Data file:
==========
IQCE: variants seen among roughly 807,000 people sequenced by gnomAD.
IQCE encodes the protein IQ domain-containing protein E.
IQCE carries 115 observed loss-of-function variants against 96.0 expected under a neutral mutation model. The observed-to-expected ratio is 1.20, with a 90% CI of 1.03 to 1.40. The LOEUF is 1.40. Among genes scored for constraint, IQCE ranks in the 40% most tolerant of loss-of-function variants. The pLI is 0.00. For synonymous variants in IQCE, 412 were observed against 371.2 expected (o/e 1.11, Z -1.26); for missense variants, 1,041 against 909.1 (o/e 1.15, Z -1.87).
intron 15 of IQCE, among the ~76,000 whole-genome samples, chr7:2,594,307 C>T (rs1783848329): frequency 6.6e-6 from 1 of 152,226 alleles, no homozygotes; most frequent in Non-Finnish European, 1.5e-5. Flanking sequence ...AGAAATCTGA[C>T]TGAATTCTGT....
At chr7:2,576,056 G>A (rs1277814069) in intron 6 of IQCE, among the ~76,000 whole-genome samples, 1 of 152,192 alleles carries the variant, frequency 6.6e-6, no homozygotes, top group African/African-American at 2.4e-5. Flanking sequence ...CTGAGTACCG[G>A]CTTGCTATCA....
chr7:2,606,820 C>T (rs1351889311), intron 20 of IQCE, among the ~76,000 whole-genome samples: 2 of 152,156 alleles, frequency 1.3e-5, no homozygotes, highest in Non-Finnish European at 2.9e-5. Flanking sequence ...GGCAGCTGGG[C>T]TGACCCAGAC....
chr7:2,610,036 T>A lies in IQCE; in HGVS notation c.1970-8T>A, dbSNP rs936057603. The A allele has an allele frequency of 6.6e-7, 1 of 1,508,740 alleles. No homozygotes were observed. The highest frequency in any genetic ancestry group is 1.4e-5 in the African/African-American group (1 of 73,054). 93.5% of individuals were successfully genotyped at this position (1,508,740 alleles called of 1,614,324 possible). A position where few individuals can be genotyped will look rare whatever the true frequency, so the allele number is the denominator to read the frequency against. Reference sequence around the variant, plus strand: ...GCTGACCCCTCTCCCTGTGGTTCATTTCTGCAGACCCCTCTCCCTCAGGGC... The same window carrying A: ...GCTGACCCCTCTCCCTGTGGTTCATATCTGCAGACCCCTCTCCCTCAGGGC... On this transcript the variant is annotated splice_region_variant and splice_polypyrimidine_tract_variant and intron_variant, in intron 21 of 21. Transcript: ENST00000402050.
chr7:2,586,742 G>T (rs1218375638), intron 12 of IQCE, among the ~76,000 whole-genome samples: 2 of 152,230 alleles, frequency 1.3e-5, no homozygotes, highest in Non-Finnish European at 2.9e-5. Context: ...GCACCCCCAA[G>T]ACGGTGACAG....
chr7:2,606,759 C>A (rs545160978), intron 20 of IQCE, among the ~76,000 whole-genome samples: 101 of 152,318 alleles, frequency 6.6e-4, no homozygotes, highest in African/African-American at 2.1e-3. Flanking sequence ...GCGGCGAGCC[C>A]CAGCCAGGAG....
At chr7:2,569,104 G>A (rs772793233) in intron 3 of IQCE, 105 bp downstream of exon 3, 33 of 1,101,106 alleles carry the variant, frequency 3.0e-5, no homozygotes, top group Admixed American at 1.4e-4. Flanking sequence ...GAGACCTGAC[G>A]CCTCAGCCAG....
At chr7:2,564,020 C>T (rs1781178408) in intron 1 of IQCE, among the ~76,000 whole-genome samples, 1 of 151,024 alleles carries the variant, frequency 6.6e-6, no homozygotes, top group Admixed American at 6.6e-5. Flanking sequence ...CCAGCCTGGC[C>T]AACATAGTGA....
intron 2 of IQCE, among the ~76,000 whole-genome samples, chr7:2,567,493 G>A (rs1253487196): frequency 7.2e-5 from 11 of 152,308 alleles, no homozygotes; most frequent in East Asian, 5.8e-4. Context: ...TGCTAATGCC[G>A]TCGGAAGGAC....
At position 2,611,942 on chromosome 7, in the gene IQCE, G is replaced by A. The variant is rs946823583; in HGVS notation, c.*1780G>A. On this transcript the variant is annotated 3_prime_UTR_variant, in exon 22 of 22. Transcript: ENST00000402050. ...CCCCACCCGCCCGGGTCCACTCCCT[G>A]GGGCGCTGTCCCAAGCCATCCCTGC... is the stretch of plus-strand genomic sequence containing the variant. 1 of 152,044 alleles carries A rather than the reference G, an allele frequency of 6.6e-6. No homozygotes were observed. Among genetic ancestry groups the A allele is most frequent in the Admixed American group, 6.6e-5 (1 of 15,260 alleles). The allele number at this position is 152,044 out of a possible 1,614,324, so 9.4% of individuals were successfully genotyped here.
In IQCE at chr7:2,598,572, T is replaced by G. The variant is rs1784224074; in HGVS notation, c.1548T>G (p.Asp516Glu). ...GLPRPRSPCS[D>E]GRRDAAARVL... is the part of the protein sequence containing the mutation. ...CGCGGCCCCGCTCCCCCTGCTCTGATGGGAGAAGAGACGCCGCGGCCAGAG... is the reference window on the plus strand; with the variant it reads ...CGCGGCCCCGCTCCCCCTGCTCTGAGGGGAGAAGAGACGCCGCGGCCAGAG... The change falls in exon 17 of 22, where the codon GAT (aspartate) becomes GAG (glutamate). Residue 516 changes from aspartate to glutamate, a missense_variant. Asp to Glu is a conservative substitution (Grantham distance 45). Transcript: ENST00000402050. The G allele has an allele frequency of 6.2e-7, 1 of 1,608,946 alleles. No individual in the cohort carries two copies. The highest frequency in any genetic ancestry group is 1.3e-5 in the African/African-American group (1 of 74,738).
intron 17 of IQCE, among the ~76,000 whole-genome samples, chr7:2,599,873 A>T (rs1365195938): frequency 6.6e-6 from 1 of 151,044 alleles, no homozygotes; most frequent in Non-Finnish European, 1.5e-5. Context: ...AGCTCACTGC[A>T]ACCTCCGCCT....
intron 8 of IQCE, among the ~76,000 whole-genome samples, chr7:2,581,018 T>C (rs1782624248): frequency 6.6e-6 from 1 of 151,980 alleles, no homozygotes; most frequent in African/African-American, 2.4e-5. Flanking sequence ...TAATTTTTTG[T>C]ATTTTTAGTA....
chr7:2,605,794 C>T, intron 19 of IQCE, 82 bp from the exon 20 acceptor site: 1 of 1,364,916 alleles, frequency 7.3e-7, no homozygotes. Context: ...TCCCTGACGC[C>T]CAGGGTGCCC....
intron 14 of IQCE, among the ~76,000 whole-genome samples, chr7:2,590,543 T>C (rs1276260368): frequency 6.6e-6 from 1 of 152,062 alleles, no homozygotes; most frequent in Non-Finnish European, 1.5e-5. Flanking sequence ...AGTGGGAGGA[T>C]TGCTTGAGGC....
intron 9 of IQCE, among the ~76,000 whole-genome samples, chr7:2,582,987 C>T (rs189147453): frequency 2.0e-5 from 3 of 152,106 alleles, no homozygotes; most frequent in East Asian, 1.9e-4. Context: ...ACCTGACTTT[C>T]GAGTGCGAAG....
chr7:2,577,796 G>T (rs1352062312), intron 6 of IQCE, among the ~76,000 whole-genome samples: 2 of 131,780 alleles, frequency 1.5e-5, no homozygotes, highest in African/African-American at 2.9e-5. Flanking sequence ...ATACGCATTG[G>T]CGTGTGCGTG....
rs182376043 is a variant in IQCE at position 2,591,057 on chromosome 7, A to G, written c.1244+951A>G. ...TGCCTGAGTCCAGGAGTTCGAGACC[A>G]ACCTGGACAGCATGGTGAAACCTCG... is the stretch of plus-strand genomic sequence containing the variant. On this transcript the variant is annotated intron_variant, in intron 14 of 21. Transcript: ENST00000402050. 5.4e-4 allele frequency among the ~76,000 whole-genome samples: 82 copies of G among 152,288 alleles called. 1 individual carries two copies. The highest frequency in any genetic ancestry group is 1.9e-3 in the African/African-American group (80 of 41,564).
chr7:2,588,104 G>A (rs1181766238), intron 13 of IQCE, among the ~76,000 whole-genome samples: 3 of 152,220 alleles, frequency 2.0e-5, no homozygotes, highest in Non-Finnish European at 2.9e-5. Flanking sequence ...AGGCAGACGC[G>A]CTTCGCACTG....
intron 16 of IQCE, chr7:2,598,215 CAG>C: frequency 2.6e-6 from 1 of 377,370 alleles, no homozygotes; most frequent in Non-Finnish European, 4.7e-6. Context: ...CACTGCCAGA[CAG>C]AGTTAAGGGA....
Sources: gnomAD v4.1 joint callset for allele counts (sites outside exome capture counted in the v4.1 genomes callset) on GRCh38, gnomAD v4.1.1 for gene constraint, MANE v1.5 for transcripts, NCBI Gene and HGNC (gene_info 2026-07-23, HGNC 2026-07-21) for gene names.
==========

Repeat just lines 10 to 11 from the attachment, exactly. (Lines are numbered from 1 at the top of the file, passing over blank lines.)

At chr7:2,569,104 G>A (rs772793233) in intron 3 of IQCE, 105 bp downstream of exon 3, 33 of 1,101,106 alleles carry the variant, frequency 3.0e-5, no homozygotes, top group Admixed American at 1.4e-4. Flanking sequence ...GAGACCTGAC[G>A]CCTCAGCCAG....
At chr7:2,564,020 C>T (rs1781178408) in intron 1 of IQCE, among the ~76,000 whole-genome samples, 1 of 151,024 alleles carries the variant, frequency 6.6e-6, no homozygotes, top group Admixed American at 6.6e-5. Flanking sequence ...CCAGCCTGGC[C>T]AACATAGTGA....